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Norman Friedman's Forms of the Plot

Published in Journal of General Education, 8 (1955), 241-53.

Cf. also Gerald Prince, Dictionary of Narratology (Lincoln & London: University of Nebraska Press, 1989), 72-73.

Norman Friedman's Forms of the Plot is the most comprehensive plot typology. He started from a previous classification, put forward by R. S.Crane: plots of action, of character and of thought. Friedman took into consideration also the issues of success, responsibility, attractiveness and the impact on the receiver:

1. Plots of fortune
(which involve a change in the protagonist's situation)

1.1 The action plot, developing around a problem and its resolution (e.g. Stevenson's Treasure Island).

1.2 The pathetic plot, in which an attractive, weak protagonist fails; there is an unhappy ending, arousing pity (e.g. Hardy's Tess of the Urbervilles).

1.3 The tragic plot, where an attractive protagonist falls, which brings about catharsis (e.g. Sophocles's Oedipus King, Shakespeare's King Lear).

1.4 The punitive plot, in which a repulsive, yet partially admirable hero falls (e.g. Shakespeare's Richard III).

1.5 The sentimental plot, in which an attractive, but frail or passive hero succeeds eventually (e.g. O'Neill's Anna Christie).

1.6 The admiration plot, where an attractive, responsible hero succeeds, which wins the reader's respect and admiration (e.g. Twain's The Adventures of Tom Sawyer).

2. Plots of character (involving a change in the protagonist’s moral character)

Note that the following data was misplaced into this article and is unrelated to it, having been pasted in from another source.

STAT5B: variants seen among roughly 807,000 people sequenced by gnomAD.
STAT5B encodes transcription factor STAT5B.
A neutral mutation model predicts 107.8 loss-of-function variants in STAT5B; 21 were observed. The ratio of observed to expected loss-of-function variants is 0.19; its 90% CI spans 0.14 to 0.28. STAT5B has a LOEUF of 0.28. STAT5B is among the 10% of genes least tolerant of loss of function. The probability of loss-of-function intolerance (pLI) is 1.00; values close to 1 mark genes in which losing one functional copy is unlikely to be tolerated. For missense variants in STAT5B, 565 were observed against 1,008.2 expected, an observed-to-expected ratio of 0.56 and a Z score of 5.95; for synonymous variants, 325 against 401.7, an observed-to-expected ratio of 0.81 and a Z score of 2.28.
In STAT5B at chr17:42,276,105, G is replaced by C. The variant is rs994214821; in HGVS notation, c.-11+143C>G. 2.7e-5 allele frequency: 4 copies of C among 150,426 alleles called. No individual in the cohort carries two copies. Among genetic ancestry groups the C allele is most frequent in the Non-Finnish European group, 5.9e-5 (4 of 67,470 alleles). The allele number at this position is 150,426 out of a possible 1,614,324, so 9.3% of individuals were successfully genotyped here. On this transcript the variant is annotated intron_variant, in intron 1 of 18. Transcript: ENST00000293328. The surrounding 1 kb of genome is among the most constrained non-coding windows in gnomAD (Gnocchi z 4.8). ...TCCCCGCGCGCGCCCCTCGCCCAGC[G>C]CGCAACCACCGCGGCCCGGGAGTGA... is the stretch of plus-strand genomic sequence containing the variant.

2.1 The maturing plot, in which an attractive, naive protagonist achieves maturity (e.g. Dickens's Great Expectations, James's The Portrait of a Lady, Joyce's A Portrait of the Artist as a Young Man).

2.2 The reform plot, in which an attractive protagonist is responsible for his/her disaster, but later improves (e.g. Hawthorne's The Scarlet Letter).

2.3 The testing plot, in which an attractive protagonist fails several times and then gives up his/her ideals (e.g. Chekhov's Uncle Vanya).

2.4 The degeneration plot, in which an attractive protagonist changes for the worse, after a major crisis (e.g. Gide's The Immoralist).

3. Plots of thought (which bring about a change in the protagonist's thoughtsand feelings)

3.1 The education plot, in which an attractive protagonist’s thought gets better, but the possible change in his/her behavior is not shown (e.g. Twain's The Adventures of Huckleberry Finn).

3.2 The revelation plot, in which the protagonist comes to understand his/her condition (e.g. Roald Dahl's "Beware of the Dog").

3.3 The affective plot, in which the protagonist's attitude and feelings change, but his/her thought does not (e.g. Austen's Pride and Prejudice).

3.4 The disillusionment plot, in which the protagonist is deprived of his/her ideals, possibly loses the receiver's sympathy and ends up in dejection or annihilation (e.g. Fitzgerald's The Great Gatsby).



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